To go up in scale generally requires centralization. For this reason, the hippie activists who are against international trade are effectively against big corporations. If there are sufficient tariffs or other barriers between geographic areas, then we have at least one business for each area to produce each needed product. On the downside, we can end up with many local monopolies which serve the people less well than the multinational – all the monopoly without the benefits of economies of scale.
That said, there are a few places where we can move to a more libertarian and prosperous society that do increase the relative cost of centralization.
The first place to look is zoning. As discussed earlier, zoning has largely killed the small neighborhood businesses in favor of the bigger, car friendly stores along the major avenues. Having a business in an official business district is not only more expensive for the smallest businesses there are also changes in the nature of competition. A neighborhood business that is within walking distance enjoys a partial monopoly. A neighborhood may be only able to support one pub or grocery store, so the owner can get away with charging a bit more than the chain stores. Once it is necessary to get in a car to get to a store, this pricing power drops dramatically. The difference in convenience between driving to the locally owned store and the cheaper mega-mart is far smaller than the difference between being able to walk or bike to a neighborhood store and having to get in a car.
One of the major economies of scale for chain stores is advertising. National ads are cheaper per eyeball than local ads. A walk-up neighborhood shop has far less need for advertising, since it primarily serves those who can see its sign. Convenience can outweigh the lure of advertisement – as long as price and service are reasonably close to that of the chain stores.
Buy at a store and you pay sales tax. Buy through a catalogue or a web site, and you may pay sales tax. In some states the buyer is supposed to pay sales taxes on out of state catalog and web purchases, but since the customer is on the honor system to pay sales tax such purchases cheating is easy.
I think there is something to the idea that if there is going to be a sales tax, it ought to be a national sales tax. Having states charge sales taxes for mail order purchases is too much like a tariff, and one of the reasons for having a United States of America is to eliminate tariffs between the states. While added yet another federal tax is hardly a libertarian thing to advocate by itself, it could be an improvement if it were used to replace a worse tax, such as the personal income tax or FICA. There are many trade-offs to a national sales tax; I will hit on some of them later.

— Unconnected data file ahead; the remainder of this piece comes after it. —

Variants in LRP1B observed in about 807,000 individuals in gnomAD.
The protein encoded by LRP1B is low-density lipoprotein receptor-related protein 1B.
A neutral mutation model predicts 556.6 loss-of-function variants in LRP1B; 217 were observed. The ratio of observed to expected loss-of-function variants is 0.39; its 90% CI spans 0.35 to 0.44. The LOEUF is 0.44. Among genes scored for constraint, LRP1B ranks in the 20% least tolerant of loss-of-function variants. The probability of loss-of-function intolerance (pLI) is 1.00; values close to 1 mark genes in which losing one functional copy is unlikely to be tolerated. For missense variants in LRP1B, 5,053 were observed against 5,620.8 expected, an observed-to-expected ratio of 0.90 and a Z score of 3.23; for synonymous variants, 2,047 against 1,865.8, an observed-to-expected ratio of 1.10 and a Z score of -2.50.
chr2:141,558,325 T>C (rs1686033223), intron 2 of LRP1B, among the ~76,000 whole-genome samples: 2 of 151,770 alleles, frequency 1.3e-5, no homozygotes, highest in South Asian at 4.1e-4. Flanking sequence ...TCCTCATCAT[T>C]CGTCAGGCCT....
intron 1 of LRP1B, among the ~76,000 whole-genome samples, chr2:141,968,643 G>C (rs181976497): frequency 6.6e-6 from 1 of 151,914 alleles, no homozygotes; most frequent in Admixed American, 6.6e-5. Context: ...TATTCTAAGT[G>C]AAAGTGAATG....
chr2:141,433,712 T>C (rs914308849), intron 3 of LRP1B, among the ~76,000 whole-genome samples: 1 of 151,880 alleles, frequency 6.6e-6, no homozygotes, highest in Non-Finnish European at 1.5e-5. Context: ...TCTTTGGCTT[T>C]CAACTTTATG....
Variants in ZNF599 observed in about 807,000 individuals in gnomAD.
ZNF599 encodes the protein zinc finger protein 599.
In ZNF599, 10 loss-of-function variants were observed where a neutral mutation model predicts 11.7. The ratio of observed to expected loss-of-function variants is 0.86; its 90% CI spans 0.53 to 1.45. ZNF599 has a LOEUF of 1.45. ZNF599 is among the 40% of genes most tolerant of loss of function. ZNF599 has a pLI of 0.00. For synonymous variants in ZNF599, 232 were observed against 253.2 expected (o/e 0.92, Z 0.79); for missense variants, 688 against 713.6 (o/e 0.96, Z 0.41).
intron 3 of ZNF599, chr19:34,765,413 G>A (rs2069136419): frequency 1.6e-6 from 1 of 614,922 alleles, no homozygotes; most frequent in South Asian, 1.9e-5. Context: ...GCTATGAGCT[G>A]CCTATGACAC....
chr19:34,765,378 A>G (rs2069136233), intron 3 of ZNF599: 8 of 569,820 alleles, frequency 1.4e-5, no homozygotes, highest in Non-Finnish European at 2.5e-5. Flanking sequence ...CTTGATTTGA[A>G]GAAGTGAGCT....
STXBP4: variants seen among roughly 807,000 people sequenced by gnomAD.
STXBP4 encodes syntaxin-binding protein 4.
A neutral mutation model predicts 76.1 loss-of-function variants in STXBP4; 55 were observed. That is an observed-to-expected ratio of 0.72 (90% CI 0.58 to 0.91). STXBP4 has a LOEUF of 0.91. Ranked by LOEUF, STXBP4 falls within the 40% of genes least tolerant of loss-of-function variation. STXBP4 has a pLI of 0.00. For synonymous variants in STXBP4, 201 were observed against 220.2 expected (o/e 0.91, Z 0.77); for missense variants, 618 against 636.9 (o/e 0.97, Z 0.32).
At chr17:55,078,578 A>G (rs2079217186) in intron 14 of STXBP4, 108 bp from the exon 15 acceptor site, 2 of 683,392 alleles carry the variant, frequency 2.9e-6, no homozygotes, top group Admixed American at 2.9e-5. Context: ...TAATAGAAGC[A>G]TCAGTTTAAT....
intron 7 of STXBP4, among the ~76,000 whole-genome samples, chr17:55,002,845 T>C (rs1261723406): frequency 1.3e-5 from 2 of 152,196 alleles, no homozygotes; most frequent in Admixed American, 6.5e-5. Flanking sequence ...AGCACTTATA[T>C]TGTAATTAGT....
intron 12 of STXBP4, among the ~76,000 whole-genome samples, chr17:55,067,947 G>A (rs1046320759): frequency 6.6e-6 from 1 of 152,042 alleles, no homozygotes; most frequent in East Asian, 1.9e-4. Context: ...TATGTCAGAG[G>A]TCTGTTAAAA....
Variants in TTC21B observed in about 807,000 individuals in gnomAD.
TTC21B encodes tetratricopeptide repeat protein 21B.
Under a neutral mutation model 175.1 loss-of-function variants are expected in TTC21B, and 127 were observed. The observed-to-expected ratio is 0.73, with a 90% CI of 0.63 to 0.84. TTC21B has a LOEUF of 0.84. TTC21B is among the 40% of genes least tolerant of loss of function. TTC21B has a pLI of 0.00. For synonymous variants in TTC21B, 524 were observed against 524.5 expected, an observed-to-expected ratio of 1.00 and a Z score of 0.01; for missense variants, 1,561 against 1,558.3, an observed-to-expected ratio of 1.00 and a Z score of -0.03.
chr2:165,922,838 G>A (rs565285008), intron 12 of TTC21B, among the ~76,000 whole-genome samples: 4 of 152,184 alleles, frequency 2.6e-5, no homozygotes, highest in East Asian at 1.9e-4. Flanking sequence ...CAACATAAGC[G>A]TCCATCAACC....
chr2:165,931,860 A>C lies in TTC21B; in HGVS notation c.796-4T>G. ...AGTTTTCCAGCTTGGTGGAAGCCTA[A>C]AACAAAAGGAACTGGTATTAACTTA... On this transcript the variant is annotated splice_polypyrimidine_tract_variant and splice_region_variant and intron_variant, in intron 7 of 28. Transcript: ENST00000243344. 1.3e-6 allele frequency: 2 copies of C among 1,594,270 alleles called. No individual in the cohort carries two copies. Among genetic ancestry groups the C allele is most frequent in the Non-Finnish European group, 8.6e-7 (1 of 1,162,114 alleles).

Some politicians would object that I am holding back progress, that the web is the next stage of economic evolution and e-commerce needs to be helped along. To my mind this is bunk. Web commerce is a very nice thing for uncommon products that cannot justify shelf space at a local store. But for common merchandise, old fashioned in person selling has much to be said for it. You get to examine the product; you can make your transaction untraceable by using cash; you reduce shipping charges; and storefront commerce provides opportunities for thousands of individually owned businesses.
As already mentioned, the more paperwork and legal headaches that government imposes, the more overhead is imposed on business. Bigger businesses can spread this overhead over many products. Now consider the issue of whether the regulation of business should be done by the federal government or the states.
- If regulation is done by the federal government, then the business that masters federal law can reuse this knowledge over the entire country. Interstate operations gain an advantage over smaller operations.
- If regulation is done at the state level, interstate businesses have to learn a new set of law and regulations for each state. The advantage of growing beyond statewide goes away.
So at first glance, it seems that if we want to shrink the size of businesses, we should move away from federal regulation and towards state regulation. This certainly holds for such businesses that have physical operations in multiple states. But consider manufacturing: few manufactured products have a market in only one state. Thus, most manufacturers are interstate when it comes to selling their product. Having 50 sets of law to deal with increases the overhead for all manufacturers, leading back towards larger economies of scale. The manufacturer who has operations in multiple states has little extra legal overhead vs. the single state manufacturer.
Now, consider the following split in the law:
- Law regarding selling across state lines is federal. This way an interstate manufacturer does not have the overhead of learning 50 state laws.>
- Law regarding physical location, such as labor and environmental law, are state law. This way, the big manufacturer with operations in multiple states has to learn several bodies of law.
Those familiar with the U.S. Constitution will recognize the above split; it is the division of law mandated by the Constitution! The framers had set up a system that favors multiple, smaller manufacturers. Since the days of the Great Depression, however, this aspect of the Constitution has been actively ignored. Perhaps progressives should rethink their positions regarding the division of power between the federal government and the states.
- The United States Constitution